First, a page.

Three days after Maxwele’s poo protest, Chikane found himself leading a huge demonstration against the Rhodes statue. Beforehand, he chained his wrists together, his hands pressed awkwardly into a gesture of supplication. Paradoxically, assuming this pose of entrapment felt like the true liberation. It freed him to inhabit physically the sense of oppression he had only been feeling emotionally. “People started taking pictures,” he recalled. “And then I realised … black students weren’t taking pictures. The white students were taking pictures,” as white people have stared at the entrapped black body for centuries.

It was a common feature of the stories I heard from black student protesters: there had been a series of small experiences that made them aware they were not tabulae rasae, but black people enmeshed in a long history of black deprivation.

Turns out that a surprising number of South African whites are sympathetic to the student protests — but not older blacks:

Chikane said the apparent unwillingness of black leaders to support the students’ awakening baffled him – and greatly amplified his anger. In mid-April, some 50 students broke into a UCT council meeting that Price had called to discuss the prospect of removing the Rhodes statue. The students climbed through a window that had been left open and surrounded the conference table, singing struggle songs.

Most of the members of the largely white council just sat there. But the head of the council, Archbishop Njongonkulu Ndungane, a former anti-apartheid activist who was imprisoned with Nelson Mandela on Robben Island, stood up and flapped his hands, gesturing for the students to leave. They climbed up on the table and moved towards him. “Who made you the policeman of black rage? As a black man?” one student spat, his eyes filling with tears. “You are disgusting! You are disgusting! Don’t you have your own children?”

After the incident, Chikane wrote a pleading letter to Ndugane, begging him to publicly express that he understood and supported the students’ anger. The young man compared the “obvious, obscene and repugnant acts of racism” in the past to the kind black students currently experienced at UCT. “Ours is worse,” he wrote. “Ours is subliminal. It is the form of racism that makes you ignorant about your subjugation.”

What an astonishing statement. This young black man is going to Africa’s most elite university because of the sacrifices that Archbishop Ndungane, who served prison time with Nelson Mandela, made. And yet, he contends that the racism he experiences is worse than what Mandela and Ndungane suffered!

Where does this come from? An answer:

Jonathan Jansen, the first black vice-chancellor of the University of the Free State, described to me the fear that the protests had engendered among older black South Africans – a fear that their hard-won progress over a bitter past was sliding backwards, or that it had never really succeeded to begin with. The student movements, Jansen told me, looked to him like a dangerous return to the very same racial discourses his generation had battled to defeat. “People were dead set against the apartheid narrative of race essentialism,” he said. “We fought very, very hard not to have the state name us [black]. But that is exactly what [the students] are trying to reinforce.”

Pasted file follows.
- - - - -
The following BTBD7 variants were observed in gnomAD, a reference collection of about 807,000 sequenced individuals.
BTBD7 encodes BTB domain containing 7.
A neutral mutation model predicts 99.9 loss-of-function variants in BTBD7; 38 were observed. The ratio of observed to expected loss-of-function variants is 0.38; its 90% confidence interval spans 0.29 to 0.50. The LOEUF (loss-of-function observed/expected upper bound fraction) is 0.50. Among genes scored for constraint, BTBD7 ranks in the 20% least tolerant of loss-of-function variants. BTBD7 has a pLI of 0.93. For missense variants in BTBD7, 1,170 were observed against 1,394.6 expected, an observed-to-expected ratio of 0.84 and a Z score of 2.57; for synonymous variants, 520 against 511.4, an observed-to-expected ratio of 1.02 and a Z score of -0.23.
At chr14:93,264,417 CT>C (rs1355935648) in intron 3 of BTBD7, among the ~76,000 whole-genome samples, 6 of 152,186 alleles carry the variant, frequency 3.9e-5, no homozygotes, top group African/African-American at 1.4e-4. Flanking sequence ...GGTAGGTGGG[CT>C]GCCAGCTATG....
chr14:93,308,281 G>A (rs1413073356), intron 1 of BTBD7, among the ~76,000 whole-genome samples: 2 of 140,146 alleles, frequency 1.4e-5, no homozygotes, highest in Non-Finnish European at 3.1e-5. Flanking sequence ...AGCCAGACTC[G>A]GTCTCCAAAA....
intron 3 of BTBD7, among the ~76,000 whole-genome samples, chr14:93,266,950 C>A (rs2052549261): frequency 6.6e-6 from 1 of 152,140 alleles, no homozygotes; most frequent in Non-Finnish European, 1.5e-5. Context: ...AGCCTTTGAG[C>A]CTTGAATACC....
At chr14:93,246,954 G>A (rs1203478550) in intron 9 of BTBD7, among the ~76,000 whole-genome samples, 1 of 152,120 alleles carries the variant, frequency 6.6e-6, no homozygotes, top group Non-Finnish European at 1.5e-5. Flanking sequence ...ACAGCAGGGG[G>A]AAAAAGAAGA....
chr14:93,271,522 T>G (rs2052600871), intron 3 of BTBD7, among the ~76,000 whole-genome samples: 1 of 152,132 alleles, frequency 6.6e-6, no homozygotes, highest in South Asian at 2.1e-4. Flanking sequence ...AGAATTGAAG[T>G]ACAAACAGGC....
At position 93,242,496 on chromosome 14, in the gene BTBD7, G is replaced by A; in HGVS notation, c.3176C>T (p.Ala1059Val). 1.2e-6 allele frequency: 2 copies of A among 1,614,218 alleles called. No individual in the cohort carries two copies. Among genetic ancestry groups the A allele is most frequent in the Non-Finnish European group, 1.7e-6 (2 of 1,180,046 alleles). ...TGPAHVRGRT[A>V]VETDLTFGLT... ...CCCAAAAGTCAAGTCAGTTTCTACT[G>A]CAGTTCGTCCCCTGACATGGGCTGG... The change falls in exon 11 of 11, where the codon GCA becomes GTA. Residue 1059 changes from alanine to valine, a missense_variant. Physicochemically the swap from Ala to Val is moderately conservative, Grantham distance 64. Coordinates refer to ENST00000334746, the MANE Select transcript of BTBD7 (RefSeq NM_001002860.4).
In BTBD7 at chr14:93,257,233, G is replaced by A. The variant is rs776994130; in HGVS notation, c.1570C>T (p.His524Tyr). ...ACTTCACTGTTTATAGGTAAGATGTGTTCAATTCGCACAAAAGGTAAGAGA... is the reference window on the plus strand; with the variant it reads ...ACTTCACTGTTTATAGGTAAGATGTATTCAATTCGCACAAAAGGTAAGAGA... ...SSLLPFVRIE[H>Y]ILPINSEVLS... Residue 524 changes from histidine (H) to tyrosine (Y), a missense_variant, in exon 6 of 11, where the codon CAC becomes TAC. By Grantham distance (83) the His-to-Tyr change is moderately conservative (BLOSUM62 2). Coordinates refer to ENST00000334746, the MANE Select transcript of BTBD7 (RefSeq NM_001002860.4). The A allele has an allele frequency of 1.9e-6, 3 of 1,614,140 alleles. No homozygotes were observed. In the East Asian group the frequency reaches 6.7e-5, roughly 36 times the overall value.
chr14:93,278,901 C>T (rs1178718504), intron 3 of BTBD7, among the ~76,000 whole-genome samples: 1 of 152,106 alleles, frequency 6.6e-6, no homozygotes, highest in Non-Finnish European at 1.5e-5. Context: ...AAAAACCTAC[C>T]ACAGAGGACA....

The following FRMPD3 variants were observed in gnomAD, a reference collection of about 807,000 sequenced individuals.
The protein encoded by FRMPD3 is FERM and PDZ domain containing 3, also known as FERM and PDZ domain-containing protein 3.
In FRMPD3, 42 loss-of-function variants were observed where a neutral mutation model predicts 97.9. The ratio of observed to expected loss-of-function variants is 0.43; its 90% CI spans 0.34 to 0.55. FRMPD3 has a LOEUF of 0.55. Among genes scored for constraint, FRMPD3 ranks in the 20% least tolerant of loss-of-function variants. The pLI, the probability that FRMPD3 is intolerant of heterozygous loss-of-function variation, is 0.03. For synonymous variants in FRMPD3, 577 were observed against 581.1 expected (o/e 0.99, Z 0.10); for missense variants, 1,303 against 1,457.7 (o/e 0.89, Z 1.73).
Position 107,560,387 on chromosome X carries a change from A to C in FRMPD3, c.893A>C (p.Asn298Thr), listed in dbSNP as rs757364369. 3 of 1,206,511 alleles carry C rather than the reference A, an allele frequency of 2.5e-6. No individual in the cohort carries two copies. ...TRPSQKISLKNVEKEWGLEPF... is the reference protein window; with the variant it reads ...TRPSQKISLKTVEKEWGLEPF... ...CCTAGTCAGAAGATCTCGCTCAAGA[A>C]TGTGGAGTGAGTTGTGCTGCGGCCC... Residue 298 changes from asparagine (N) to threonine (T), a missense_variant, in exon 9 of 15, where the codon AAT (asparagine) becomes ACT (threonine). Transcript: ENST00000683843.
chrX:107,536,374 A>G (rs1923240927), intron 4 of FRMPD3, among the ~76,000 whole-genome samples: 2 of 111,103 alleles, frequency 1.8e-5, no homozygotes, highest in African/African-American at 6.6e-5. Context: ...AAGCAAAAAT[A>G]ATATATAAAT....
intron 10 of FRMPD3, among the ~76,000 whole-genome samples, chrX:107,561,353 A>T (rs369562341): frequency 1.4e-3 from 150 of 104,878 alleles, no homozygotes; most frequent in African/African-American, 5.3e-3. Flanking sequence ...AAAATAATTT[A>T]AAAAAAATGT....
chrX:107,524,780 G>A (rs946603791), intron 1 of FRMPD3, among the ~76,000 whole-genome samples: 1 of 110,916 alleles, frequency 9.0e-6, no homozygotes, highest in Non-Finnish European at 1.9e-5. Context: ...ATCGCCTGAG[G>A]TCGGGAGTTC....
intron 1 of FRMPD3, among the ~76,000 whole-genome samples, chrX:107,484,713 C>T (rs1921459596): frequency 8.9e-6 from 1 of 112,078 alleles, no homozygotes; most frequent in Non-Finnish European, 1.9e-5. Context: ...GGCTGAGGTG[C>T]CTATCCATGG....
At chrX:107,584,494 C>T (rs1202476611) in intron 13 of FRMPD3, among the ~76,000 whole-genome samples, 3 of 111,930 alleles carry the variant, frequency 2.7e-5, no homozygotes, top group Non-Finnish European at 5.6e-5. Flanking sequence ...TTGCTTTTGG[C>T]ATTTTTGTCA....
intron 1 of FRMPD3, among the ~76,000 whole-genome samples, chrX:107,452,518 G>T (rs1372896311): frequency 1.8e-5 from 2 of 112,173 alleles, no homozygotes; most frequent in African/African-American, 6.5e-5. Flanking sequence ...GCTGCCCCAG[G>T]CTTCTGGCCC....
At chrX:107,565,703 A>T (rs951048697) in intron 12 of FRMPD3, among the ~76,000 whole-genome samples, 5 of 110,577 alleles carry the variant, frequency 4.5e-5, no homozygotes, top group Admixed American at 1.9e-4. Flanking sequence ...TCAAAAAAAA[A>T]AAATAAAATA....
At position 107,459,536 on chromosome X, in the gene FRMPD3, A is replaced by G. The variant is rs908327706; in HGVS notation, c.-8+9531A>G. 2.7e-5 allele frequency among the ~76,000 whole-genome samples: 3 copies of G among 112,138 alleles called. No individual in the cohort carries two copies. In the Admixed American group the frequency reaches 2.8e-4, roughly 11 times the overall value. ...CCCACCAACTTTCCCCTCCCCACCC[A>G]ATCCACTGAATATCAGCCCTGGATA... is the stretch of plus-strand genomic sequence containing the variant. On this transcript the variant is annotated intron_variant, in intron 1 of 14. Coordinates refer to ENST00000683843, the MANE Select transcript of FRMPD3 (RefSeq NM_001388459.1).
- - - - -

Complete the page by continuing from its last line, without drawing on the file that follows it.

Sounds a lot like the demand for race essentialism by black protesters on US university campuses, doesn’t it?

The protests succeeded in convincing the university to remove the Rhodes statue. Now, there’s nothing there but a plinth. But it has not satisfied the students. Maxwele predicts, “This place will blow up again.”

Read the whole thing; it’s worth it.

I find that image of the empty plinth still tormenting those students to be haunting. It’s like a phantom limb. It reveals that their minds are still conquered by Rhodes and what he represents. What’s going on here?

This is, as the Guardian piece notes, about identity. The lines between good and evil were clear during apartheid. Black South Africans found identity in their suffering, and in maintaining their dignity under the cruelty and injustices of apartheid. But when apartheid ended, and a black majority government came to power, the lines became blurred. The Guardian writes about how Mandela and his generation offered forgiveness as a strategic move; they knew that they had to reconcile with whites or white capital would flee, and the country would be impoverished. Forgiveness of this sort required a deliberate historic forgetting, which was deemed necessary by black leaders to make the transition from apartheid to multiracial democracy.

There is no way to undo in a single generation the legacy of white supremacy. It is not within the realm of possibility. This is something that has to be accepted, and worked through. Progress takes time, and sacrifice. Look at the people raised under Soviet-style communism. You cannot have an entire culture, an entire people, deformed like that, and expect them to bounce back instantly. Healing that deep wound will require time.

It seems to me somehow psychologically important for the bornfrees to deny that there has been any progress made on the racial front. It’s why I found Ta-Nehisi Coates’s (National Book Award-winning) volume so frustrating: he denies that there has been real progress in race relations in this country, and closes the door to the possibility of progress and reconciliation, and justice. It demands what it denies is possible.

about the author

Rod Dreher is a senior editor at The American Conservative. A veteran of three decades of magazine and newspaper journalism, he has also written three New York Times bestsellers—Live Not By Lies, The Benedict Option, and The Little Way of Ruthie Lemingas well as Crunchy Cons and How Dante Can Save Your Life. Dreher lives in Baton Rouge, La.